Lake Friction
by Ron McCarthy

"He has a lump on the back of his head and a few bruises, nothing too serious. He had a good look at the knife man and will not forget that face."

One doesn't normally think of climate activists as good old boys who like to sit around, recount their youth, and down multiple beers together. That, however, is the case in this crime adventure set in an Australian community dependent upon its local lake for all manner of tourism, sport, and employment. The problem is not with their commitment but rather how they plan to act upon it.

Into their midst comes an outsider, Len. He's been asked to fill in temporarily as the football coach. As an ex-World Cup player, he certainly has the background and knowledge to do so. He's also particularly adept at hand-to-hand combat and other self-defense skills that will come in handy as he butts heads with belligerent locals, mixes with parents as well as players, and gets neck-deep in high water, attempted murder, and the killing of a young girl. Before long, Len is having to come to grips with whether he's simply going to fulfill his current obligation and move along or whether he's destined for a much longer stint in this lakeside community.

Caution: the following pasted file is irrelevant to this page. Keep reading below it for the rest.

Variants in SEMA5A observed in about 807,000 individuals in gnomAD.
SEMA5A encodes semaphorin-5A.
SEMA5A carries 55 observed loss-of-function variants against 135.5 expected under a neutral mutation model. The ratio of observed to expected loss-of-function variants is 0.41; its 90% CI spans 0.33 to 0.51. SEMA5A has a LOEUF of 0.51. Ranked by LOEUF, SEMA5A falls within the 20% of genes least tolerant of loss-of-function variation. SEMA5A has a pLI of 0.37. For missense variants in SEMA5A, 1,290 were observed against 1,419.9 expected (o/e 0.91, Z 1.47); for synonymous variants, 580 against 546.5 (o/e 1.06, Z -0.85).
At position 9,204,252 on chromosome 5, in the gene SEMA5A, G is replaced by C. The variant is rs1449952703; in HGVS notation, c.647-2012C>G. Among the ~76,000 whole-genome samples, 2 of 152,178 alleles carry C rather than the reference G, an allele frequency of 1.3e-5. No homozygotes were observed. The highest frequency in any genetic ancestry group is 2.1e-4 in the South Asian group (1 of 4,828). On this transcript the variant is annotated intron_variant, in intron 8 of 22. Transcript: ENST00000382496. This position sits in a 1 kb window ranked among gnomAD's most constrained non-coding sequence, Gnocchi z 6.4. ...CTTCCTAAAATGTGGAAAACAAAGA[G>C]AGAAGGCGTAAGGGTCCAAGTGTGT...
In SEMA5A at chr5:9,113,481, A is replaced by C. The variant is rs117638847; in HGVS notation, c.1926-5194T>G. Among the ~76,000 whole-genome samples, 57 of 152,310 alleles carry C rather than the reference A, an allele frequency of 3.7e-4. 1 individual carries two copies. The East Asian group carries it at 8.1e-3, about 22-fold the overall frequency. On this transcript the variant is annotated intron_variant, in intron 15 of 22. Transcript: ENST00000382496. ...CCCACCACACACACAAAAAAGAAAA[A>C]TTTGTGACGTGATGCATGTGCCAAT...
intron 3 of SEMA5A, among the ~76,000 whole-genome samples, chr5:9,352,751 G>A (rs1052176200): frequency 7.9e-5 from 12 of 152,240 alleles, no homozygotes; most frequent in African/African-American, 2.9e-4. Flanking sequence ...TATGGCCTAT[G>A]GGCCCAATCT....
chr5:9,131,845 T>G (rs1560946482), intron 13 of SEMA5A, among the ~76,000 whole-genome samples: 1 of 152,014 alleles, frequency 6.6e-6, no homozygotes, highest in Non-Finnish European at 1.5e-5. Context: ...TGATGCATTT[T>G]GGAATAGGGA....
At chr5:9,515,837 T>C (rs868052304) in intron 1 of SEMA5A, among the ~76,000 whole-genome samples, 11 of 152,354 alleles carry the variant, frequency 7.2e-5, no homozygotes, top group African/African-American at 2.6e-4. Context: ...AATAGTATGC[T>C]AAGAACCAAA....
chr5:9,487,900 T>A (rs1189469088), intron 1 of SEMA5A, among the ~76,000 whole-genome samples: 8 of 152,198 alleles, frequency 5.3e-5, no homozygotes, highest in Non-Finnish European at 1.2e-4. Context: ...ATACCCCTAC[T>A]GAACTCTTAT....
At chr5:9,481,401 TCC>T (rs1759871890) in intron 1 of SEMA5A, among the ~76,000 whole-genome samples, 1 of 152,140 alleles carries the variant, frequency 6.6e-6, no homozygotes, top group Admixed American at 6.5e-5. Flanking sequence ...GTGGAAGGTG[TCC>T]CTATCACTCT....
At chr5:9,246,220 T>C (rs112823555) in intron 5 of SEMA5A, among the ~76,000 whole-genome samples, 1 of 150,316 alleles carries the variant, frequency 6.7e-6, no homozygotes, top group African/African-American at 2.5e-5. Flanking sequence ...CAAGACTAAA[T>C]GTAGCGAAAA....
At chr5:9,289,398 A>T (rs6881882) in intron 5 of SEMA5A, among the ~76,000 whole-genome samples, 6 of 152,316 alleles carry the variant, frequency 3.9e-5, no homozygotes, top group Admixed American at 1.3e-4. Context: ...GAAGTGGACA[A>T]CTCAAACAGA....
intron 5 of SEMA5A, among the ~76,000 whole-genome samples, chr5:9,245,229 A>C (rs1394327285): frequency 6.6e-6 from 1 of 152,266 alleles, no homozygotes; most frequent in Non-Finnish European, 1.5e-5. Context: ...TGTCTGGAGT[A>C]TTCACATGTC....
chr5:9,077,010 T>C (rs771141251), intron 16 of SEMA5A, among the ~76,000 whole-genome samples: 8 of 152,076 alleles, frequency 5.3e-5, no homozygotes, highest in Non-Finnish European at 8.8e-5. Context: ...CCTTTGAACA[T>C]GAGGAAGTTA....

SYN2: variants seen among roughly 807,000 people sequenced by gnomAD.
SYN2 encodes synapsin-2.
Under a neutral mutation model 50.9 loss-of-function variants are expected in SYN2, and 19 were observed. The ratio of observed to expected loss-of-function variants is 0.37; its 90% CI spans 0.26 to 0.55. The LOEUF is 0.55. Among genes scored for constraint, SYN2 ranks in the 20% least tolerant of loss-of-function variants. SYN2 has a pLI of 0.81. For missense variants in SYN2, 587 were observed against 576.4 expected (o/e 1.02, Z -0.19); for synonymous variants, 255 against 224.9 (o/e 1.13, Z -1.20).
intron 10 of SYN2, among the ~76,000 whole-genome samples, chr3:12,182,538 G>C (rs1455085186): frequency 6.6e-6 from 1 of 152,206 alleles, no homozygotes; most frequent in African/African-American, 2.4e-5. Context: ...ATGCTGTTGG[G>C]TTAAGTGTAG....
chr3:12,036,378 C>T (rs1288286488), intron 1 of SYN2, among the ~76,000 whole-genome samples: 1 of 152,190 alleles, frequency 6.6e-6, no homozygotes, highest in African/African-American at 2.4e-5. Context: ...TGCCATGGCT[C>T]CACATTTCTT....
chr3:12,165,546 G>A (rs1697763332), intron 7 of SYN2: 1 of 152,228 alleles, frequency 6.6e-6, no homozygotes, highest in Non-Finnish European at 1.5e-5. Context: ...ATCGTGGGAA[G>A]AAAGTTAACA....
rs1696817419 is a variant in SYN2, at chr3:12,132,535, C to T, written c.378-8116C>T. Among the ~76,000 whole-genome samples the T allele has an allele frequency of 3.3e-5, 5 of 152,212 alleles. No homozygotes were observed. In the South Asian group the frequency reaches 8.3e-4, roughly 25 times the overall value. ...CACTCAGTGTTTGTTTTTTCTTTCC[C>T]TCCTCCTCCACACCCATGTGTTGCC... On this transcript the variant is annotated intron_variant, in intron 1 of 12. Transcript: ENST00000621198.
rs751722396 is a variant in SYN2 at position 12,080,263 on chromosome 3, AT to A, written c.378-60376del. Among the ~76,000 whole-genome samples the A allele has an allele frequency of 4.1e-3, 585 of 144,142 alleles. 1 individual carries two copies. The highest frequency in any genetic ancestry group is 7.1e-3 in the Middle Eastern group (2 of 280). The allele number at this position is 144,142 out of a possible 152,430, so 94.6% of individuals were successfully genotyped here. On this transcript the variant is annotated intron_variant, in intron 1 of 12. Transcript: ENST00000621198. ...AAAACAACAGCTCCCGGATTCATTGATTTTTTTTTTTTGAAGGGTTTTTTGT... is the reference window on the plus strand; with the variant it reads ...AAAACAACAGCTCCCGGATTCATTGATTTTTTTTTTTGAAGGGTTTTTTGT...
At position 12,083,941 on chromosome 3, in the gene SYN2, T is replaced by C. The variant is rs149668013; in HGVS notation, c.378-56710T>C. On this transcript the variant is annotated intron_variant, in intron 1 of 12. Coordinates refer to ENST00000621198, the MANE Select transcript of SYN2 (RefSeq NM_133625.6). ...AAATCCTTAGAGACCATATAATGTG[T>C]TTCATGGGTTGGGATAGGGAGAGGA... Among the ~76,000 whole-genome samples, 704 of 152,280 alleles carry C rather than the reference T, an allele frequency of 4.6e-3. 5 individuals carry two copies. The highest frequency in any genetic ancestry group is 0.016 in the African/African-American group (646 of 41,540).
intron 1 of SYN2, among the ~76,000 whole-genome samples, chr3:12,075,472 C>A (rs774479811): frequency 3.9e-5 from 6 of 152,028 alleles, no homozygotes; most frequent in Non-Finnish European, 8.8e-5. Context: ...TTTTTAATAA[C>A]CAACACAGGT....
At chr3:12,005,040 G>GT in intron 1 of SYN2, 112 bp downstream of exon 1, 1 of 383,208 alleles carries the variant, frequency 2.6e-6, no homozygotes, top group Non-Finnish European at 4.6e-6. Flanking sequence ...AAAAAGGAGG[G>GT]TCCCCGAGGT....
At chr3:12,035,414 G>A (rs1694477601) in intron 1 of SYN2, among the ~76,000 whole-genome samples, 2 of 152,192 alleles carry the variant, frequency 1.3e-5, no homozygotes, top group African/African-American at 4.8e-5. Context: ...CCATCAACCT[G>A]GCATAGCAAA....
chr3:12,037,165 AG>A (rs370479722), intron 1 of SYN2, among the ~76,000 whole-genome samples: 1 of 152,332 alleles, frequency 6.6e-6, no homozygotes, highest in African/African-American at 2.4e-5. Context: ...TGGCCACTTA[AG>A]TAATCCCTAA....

In addition to weaving an involving narrative, the author shows himself exceptionally well-schooled in environmental issues and engineering techniques. His detailed descriptions of artificial and natural water influences, plus the intricacies of explosive operations, make his chronicle as credible as it is engaging. There is also the requisite amount of tension-building suspense, testosterone-filled derring-do, and climactic canoodling between the sheets to keep things not just specific but spicy too. For those who want to go to the lake without leaving home, this novel just might do the trick.

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